Sinon was panicking now, I was sure. She immediately backed up to the biggest weapon cluster on the field, and I followed, deflecting the stream of blades she tossed my way, and making doubly sure I wasn't going to accidentally step on a weapon and lose just when I gained an advantage. For once, I regretted not buying a shield of any kind. It would be so much easier to block the weapons to begin with, if I had a huge kite shield like Heathcliff.
Come to think of it, that was a pretty big weakness. Just about anyone with a shield would be able to bypass the swords that gave me so much trouble –
That was when Sinon changed tactics. She tossed several blades – up.
For a moment, I was surprised and just watched Iceborn Fangs arc up, then nearly got speared by Sinon for my troubles. Two, four, five, seven blades – I managed to deflect them all, just barely managing to pull my concentration back together. I stepped forward, but hesitated. Sinon had paused, even though there was one more sword in her hand.
"Was that it?" I teased lightly, but then had the foresight to glance up –
Oh gods –
I jumped back before the dagger could impale my head, and almost by instinct, instantly stabbed Elucidator on the ground in front of my leg, blocking the sword Sinon had thrown by centimeters.
And then I understood a whole new level of this scarily well-made plan. If anyone had been using a shield, they'd have been able to advance confidently, all right – until Sinon started attacking from two directions. And if they raised their shields to deflect the swords from the sky, there'd be no way they'd see the sword skimming the ground, aimed at their unprotected legs. Instant KO.
On top of that, for Falling Item Damage, swords were considered a "sharp" object whether it hit me by blade or pommel. I think it's 'cause that lessens computing load. Cripes, of all the details Kayaba Akihiko could've let be, why did it have to be the one that could've killed me?
I hastily moved back to the offensive, but Sinon had changed tactics. Now I had to keep an eye out for both the blades she sent at me and the daggers she sent skyward. If I reverted back to just dodging, it'd probably negate her attacks from above – but then she'd just go back to attacking me directly. But if I kept on blocking, I would get no closer than if I was just dodging – the swords on the ground hampered my movements, and my attention was too occupied, split between Sinon's Blade Throwing attack and the raining daggers. I wondered if I had the time to clear away the weapons around my feet – but at this rate of blocking and sidestepping? No chance.
We were locked into a stalemate. Now, it was a question of whose skill was just slightly better than the other's.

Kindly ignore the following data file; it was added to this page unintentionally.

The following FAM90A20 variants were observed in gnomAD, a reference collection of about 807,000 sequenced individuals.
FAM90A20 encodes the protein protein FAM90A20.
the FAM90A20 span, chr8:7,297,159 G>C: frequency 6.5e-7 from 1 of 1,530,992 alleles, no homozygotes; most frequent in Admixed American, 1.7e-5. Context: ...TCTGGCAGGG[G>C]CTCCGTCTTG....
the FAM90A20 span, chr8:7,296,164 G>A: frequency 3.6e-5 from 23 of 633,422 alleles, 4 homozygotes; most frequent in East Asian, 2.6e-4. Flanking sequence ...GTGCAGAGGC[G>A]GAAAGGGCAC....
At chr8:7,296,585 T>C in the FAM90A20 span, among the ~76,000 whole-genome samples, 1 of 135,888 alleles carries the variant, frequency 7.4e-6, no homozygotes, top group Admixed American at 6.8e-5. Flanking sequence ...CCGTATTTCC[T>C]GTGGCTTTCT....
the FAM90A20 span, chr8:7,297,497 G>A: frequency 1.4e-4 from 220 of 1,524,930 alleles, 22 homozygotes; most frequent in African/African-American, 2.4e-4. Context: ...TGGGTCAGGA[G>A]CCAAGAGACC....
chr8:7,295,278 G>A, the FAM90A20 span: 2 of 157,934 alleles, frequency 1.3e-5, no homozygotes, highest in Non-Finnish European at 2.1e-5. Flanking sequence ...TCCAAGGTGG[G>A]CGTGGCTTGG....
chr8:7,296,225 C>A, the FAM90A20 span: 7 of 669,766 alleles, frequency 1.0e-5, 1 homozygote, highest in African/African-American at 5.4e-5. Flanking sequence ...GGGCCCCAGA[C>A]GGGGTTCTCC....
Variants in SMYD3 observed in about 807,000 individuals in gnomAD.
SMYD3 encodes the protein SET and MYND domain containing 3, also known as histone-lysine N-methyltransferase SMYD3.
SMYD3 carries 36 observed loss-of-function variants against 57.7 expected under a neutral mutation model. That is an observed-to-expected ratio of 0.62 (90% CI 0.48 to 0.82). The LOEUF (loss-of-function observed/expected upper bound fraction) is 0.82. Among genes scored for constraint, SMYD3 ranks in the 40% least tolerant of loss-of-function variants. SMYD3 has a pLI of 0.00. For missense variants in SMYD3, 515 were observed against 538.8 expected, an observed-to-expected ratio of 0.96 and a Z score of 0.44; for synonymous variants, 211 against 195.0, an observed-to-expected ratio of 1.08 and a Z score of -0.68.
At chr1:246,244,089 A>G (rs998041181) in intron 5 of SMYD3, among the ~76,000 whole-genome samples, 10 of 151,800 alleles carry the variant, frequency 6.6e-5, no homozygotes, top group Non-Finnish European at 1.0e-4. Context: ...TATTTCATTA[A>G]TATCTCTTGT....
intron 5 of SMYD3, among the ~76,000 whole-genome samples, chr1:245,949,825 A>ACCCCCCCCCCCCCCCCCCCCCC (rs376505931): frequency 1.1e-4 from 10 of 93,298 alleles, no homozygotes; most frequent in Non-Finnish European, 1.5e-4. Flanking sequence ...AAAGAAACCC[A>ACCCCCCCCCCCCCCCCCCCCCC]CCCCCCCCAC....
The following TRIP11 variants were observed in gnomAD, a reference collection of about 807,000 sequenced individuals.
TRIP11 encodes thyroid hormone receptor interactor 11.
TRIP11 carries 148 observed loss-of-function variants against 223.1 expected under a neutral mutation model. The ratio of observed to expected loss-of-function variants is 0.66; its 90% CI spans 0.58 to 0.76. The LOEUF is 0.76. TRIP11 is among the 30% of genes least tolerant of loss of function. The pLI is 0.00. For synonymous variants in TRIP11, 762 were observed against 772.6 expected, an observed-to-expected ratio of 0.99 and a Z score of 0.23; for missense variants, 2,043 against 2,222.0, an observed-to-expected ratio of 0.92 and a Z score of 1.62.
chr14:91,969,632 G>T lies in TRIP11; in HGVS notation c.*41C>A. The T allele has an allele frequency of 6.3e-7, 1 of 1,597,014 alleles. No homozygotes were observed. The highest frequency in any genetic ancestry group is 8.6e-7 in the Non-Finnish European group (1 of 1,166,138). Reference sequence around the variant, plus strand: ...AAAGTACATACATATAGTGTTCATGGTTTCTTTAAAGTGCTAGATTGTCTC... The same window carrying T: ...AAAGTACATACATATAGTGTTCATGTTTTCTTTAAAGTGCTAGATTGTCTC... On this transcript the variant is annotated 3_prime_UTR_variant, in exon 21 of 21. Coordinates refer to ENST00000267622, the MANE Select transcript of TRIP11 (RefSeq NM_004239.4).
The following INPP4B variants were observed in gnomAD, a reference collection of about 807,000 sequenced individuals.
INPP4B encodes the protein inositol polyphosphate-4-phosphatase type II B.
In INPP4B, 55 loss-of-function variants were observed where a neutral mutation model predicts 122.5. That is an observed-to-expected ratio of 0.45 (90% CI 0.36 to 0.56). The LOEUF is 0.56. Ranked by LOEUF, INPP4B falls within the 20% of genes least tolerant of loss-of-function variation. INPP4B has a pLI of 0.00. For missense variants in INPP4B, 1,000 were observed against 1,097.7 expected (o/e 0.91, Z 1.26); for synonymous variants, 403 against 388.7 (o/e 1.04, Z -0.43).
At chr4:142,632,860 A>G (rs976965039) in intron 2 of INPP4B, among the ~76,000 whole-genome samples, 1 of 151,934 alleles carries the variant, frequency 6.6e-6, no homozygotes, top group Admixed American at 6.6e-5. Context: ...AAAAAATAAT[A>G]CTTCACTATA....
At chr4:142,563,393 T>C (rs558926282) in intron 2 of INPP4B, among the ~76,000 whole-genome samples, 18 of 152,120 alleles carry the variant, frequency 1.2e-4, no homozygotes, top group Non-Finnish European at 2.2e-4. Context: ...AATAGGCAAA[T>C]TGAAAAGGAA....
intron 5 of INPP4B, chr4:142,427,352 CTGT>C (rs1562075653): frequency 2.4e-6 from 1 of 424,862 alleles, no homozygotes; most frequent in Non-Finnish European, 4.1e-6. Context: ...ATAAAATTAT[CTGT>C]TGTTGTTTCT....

Somewhere in the back of my head, I wryly thought we probably looked like a circus act. Didn't most of them have some sword juggling shows? And Sinon's aerial Sword Skill trick from earlier could've counted as the acrobatics part. Then which part would I play? Sword dance? I was concentrating so much on moving my sword, I could feel sweat collecting. I hastily wiped away –
Then I remembered SAO didn't have a subroutine for generating sweat. That had just been a ghost sensation. And with a growing sense of horror, I realized – I let my guard down first.
Sinon didn't let the chance pass.
Suddenly there was metal everywhere, air, sky, ground. I yelled out – dodged aside – swung wildly, caught one by sheer luck – stumbled over a sword – dagger skimmed arm – brushed my neck – raised Elucidator – missed – just barely twisted in time – ducked – jumped back – landed bad – sword between feet – narrowly sidestepped – incoming – tried to block – clang!
Calmer now – deflected a sword with control – moved for the one I couldn't – nearly speared on the foot, again – jerked head sideways – block – dodge – block – block – block again –
One last dagger, too close, too fast, too – too low –
I let out a strangled yell and leapt slightly, straight up. The dagger passed through the gap between my legs at a scary height, just barely skimming through without touching anything, and sailed on behind me. If it had been any higher…
The males in the audience let out an "Ohhhhh!" and winced in collective sympathy.
I landed and drew a shuddering breath at the same time – then had to block the two daggers that nearly struck home.
"Oh, gimme a break!" I snapped, voice strained and a little higher than it was meant to be. "I just survived a sex-change surgery here, the least you could do is let me cry tears of joy!"